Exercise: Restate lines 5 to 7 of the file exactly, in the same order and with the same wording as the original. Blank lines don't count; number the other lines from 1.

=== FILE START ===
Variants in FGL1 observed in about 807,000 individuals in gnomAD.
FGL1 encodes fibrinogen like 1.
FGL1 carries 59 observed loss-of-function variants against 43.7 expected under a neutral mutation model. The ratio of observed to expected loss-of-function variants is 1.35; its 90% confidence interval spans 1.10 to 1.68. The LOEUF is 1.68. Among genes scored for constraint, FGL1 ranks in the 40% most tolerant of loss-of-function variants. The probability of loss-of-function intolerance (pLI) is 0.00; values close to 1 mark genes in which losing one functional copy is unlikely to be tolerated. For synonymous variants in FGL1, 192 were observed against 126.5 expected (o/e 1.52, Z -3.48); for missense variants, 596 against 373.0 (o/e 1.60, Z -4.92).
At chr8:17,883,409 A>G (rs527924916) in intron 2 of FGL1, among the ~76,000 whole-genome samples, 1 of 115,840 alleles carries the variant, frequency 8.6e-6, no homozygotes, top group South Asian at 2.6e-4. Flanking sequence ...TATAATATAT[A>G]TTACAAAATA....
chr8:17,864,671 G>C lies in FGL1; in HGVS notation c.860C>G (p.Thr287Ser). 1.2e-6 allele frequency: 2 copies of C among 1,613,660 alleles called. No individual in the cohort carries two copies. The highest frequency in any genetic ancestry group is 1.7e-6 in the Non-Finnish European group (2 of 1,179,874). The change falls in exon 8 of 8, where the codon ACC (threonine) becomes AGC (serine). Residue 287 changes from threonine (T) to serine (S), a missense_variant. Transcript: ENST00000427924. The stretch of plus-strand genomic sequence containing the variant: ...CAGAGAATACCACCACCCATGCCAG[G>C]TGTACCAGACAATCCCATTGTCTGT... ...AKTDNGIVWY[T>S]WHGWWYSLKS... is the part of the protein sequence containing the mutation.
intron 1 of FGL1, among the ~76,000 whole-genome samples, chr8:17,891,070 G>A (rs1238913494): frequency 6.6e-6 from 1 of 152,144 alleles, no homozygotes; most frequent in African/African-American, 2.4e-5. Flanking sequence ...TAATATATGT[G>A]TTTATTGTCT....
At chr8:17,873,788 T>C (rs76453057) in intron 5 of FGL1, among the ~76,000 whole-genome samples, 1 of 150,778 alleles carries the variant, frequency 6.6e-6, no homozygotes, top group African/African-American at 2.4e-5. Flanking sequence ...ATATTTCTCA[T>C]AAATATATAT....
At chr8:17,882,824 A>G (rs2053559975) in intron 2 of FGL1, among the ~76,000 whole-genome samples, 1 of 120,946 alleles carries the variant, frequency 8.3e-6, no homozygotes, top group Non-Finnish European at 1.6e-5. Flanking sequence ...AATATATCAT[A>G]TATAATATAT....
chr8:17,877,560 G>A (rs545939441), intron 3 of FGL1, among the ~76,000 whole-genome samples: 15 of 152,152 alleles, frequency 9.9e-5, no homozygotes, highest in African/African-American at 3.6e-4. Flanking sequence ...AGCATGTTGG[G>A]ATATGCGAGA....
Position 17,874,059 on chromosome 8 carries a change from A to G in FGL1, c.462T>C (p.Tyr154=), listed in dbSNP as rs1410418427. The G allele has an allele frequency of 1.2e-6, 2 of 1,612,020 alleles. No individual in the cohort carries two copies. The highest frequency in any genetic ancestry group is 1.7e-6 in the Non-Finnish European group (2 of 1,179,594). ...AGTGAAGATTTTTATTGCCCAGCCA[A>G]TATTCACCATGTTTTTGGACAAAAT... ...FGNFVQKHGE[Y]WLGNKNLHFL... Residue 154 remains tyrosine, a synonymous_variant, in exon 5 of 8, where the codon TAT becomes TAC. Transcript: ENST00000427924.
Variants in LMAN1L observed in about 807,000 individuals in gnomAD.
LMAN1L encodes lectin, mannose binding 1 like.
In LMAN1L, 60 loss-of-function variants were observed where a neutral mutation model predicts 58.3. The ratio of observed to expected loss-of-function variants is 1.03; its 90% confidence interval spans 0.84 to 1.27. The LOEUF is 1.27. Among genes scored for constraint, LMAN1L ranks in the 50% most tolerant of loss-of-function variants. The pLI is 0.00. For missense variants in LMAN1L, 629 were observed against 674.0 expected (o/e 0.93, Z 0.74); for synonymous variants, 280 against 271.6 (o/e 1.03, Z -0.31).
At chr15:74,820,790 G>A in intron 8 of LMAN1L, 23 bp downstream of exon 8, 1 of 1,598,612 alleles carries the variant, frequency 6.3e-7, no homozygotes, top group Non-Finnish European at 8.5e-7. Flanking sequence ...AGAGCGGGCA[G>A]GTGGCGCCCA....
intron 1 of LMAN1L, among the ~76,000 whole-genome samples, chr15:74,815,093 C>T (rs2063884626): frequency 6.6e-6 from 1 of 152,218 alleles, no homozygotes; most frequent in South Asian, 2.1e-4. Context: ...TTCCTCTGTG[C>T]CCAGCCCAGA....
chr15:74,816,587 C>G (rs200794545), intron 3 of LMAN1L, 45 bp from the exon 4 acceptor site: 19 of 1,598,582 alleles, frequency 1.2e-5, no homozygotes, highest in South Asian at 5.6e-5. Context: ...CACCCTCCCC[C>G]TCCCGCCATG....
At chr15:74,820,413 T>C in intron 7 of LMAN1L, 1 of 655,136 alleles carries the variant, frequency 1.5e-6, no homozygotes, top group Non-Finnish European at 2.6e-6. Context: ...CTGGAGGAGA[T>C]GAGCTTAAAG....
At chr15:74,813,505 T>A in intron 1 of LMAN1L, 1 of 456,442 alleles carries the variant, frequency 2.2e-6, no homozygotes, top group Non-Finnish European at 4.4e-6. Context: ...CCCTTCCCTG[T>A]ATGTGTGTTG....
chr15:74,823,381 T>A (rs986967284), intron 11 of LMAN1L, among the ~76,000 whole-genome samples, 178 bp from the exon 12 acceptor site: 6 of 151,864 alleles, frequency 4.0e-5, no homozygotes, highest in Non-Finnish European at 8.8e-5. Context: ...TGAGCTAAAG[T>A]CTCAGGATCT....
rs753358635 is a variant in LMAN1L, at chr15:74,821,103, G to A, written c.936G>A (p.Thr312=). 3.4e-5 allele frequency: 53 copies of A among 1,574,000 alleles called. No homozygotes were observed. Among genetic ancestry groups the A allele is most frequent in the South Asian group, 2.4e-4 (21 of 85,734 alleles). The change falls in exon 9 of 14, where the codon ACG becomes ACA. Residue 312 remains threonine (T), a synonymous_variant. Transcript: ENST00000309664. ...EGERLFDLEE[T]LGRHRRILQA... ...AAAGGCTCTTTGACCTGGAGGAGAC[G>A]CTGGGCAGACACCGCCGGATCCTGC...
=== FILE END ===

chr8:17,864,671 G>C lies in FGL1; in HGVS notation c.860C>G (p.Thr287Ser). 1.2e-6 allele frequency: 2 copies of C among 1,613,660 alleles called. No individual in the cohort carries two copies. The highest frequency in any genetic ancestry group is 1.7e-6 in the Non-Finnish European group (2 of 1,179,874). The change falls in exon 8 of 8, where the codon ACC (threonine) becomes AGC (serine). Residue 287 changes from threonine (T) to serine (S), a missense_variant. Transcript: ENST00000427924. The stretch of plus-strand genomic sequence containing the variant: ...CAGAGAATACCACCACCCATGCCAG[G>C]TGTACCAGACAATCCCATTGTCTGT... ...AKTDNGIVWY[T>S]WHGWWYSLKS... is the part of the protein sequence containing the mutation.
intron 1 of FGL1, among the ~76,000 whole-genome samples, chr8:17,891,070 G>A (rs1238913494): frequency 6.6e-6 from 1 of 152,144 alleles, no homozygotes; most frequent in African/African-American, 2.4e-5. Flanking sequence ...TAATATATGT[G>A]TTTATTGTCT....
At chr8:17,873,788 T>C (rs76453057) in intron 5 of FGL1, among the ~76,000 whole-genome samples, 1 of 150,778 alleles carries the variant, frequency 6.6e-6, no homozygotes, top group African/African-American at 2.4e-5. Flanking sequence ...ATATTTCTCA[T>C]AAATATATAT....